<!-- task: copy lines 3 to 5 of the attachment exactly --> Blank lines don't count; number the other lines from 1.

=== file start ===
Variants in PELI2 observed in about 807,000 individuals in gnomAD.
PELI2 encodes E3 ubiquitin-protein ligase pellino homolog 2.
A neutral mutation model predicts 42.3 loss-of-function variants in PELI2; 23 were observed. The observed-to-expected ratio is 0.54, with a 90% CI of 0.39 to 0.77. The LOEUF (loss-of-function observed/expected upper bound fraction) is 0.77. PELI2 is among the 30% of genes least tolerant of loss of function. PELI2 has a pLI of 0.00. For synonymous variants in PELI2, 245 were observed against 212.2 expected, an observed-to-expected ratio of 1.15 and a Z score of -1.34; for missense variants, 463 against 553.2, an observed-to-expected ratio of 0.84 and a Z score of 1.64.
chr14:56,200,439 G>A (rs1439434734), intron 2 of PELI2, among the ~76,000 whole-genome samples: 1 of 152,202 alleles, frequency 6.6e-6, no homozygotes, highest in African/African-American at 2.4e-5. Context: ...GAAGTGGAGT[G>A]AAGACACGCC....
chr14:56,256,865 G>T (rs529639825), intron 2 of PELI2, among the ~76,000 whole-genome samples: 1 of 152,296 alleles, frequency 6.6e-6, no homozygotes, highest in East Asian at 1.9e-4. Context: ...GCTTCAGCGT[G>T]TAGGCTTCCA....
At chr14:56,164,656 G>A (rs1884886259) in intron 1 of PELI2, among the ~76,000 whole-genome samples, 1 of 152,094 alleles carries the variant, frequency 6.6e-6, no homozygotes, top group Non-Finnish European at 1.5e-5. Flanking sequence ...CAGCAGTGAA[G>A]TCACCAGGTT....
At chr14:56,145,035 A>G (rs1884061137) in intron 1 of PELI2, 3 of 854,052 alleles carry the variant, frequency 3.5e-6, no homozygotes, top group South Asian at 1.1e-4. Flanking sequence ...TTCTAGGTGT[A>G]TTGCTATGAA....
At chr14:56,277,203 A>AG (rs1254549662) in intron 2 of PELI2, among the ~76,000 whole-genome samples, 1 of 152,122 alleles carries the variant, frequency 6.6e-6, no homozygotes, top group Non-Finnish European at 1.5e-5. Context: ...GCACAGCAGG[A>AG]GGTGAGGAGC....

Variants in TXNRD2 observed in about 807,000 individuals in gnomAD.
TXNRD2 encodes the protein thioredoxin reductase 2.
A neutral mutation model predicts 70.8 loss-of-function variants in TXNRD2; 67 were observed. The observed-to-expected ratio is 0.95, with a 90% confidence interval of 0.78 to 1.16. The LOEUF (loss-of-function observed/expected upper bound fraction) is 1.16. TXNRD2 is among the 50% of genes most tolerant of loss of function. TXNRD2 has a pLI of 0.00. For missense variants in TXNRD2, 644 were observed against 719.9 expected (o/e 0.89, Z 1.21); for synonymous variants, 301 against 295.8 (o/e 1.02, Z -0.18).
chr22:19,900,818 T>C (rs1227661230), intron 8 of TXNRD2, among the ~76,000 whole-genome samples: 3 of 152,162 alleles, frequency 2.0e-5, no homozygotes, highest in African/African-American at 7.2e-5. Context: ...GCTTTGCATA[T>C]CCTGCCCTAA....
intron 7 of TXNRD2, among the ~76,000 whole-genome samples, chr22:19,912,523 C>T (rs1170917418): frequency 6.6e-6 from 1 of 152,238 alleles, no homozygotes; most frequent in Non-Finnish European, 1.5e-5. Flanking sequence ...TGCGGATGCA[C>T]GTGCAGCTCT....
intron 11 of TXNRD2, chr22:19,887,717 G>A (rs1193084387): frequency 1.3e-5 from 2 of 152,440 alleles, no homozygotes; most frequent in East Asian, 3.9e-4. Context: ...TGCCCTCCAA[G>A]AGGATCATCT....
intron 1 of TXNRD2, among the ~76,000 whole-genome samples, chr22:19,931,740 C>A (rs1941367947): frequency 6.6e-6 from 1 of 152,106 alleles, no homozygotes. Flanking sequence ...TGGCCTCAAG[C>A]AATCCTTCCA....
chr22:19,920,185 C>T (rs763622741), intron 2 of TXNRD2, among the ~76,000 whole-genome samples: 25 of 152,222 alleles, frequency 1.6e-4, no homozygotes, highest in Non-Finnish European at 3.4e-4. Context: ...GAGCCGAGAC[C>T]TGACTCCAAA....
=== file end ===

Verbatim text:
A neutral mutation model predicts 42.3 loss-of-function variants in PELI2; 23 were observed. The observed-to-expected ratio is 0.54, with a 90% CI of 0.39 to 0.77. The LOEUF (loss-of-function observed/expected upper bound fraction) is 0.77. PELI2 is among the 30% of genes least tolerant of loss of function. PELI2 has a pLI of 0.00. For synonymous variants in PELI2, 245 were observed against 212.2 expected, an observed-to-expected ratio of 1.15 and a Z score of -1.34; for missense variants, 463 against 553.2, an observed-to-expected ratio of 0.84 and a Z score of 1.64.
chr14:56,200,439 G>A (rs1439434734), intron 2 of PELI2, among the ~76,000 whole-genome samples: 1 of 152,202 alleles, frequency 6.6e-6, no homozygotes, highest in African/African-American at 2.4e-5. Context: ...GAAGTGGAGT[G>A]AAGACACGCC....
chr14:56,256,865 G>T (rs529639825), intron 2 of PELI2, among the ~76,000 whole-genome samples: 1 of 152,296 alleles, frequency 6.6e-6, no homozygotes, highest in East Asian at 1.9e-4. Context: ...GCTTCAGCGT[G>T]TAGGCTTCCA....